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BellaOnline's Gifted Education Editor

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Gifted Babies and Intensity

Guest Author - Lorel Shea

Intense. That's the best word I can come up with to summarize my gifted children in their first years. They demanded attention, and lots of it. They slept little, and in short bursts. They never acted like the normal babies in all of the handbooks I read. At times, it was quite overwhelming trying to parent them.

When my kids were very small, I'd go to playgroup meetings or the park to hang out with other moms. Their kids would appear in strollers, car seat baskets, or on playmats, and gurgle happily or sit quietly. The moms could relax and chat. They didn't appear chronically exhausted or “touched out” the way I always did. My babies needed to be held constantly, talked to, and amused. I had to wear them in a pouch or a sling- if they weren't touching my warm body, there was no end to the indignant protesting. They might agree to a ride in a stroller, IF I kept it moving and acted as tour guide as we moved along. “There's the pretty pink house with the little doggie in the yard. It's a beagle. Hear it bark? Arf arf! Oh look, I see a gray squirrel. Sometimes we might see a red or black one, but the gray ones are the most common around here. Do you like that bushy tail? How far should we walk? Do you think we should turn around at the corner, or go all the way around the block?” I'm sure many people thought I was crazy, having long conversations with children so young that most wouldn't even bother trying. But it kept them happy, and that was enough for me. Of course, all this early chatter primed them for early speech. Every one of our children was an early talker with a great vocabulary.

We moved to a new town during my first pregnancy. The moms group I joined had lots of smart, ambitious women in it who were taking a break from professional careers to raise their babies. I enjoyed their company, but was uncomfortable with the subtle (and sometimes no so subtle!) feeling that some of these moms were keeping close tabs on the development of other children, and fervently hoping that their child would come out “on top”. I really wasn't interested in competition. I was unused to being at home all day, and I was desperately trying to carve out a new social life for myself. I was lonely, and having kids that seemed so different from the norm wasn't all fun and games. My kids and I were clearly outliers. I couldn't sit and sip tea while my eight month old was running through someone else's house, chasing their cat. I had to follow, capture, and carry them away, from all sorts of situations most babies don't get themselves into at that age. I did my best to not call attention to the early crawling, walking, and talking, but some people noticed and scowled, while others pointedly pretended not to notice.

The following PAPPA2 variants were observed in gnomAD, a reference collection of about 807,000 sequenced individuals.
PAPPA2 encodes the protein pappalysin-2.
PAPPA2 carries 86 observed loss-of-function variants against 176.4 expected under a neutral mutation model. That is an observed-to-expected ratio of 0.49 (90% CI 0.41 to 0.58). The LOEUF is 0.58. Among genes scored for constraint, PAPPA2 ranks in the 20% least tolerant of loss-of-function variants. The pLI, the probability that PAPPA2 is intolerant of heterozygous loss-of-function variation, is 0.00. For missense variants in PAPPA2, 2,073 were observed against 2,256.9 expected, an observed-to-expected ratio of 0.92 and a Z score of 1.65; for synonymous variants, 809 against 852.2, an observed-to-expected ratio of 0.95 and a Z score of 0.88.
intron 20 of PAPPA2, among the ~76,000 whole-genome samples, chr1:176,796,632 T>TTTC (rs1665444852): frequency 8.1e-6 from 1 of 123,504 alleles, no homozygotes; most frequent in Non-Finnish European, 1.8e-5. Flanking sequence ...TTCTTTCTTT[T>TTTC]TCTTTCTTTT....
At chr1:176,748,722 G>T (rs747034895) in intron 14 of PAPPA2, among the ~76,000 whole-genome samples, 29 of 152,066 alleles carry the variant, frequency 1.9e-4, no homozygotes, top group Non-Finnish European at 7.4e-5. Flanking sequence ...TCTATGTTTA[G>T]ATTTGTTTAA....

One woman who I met for a playdate discoursed at length about her brilliant four year old reading a few words, while she disregarded my two year old reading books aloud in front of her. I got the message that I should hide any of these “out there” abilities, as it wasn't gaining me any friends. So consequently, I stopped talking about my own children, except with family and one or two close friends. I felt more accepted by the group, but at a serious cost. I wasn't able to share equally in these relationships, and had the sad realization that very few people actually knew me and my kids.

It took a few years, and gradually I came to the conclusion that for the sake of my growing children, I needed to amend my behavior. Gifted kids pick up on things pretty fast, and what message was I sending if I only mentioned my kids in neutral or negative ways? Wasn't it important for them to know that I was proud of them and that I did get excited about the new things they learned? Slowly, and not without some discomfort, I began to change. My former policy had been only to volunteer information when asked directly. Now, I pushed myself to reciprocate more freely when milestones came up in conversation, and to share a few funny stories that highlighted some advancement. It was hard. I cringed inwardly, and felt a sense of shame at first, baggage from my childhood, when I was told not to look too smart, lest I should make others feel bad. But I firmly believe that each child needs to be loved and appreciated for who and what they are, whether they are to the right or the left of the curve.

Nowadays, I understand that there are some people who dislike me for the emphasis I put on giftedness, but I know that I am not responsible for whatever they are feeling. I don't brag about my kids, but when they accomplish something big, I try to share it with friends and family, or better yet, let them share it for themselves. People can choose to be inspired by accomplishments, or intimidated by them. I like to be inspired!




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Content copyright © 2014 by Lorel Shea. All rights reserved.
This content was written by Lorel Shea. If you wish to use this content in any manner, you need written permission. Contact BellaOnline Administration for details.

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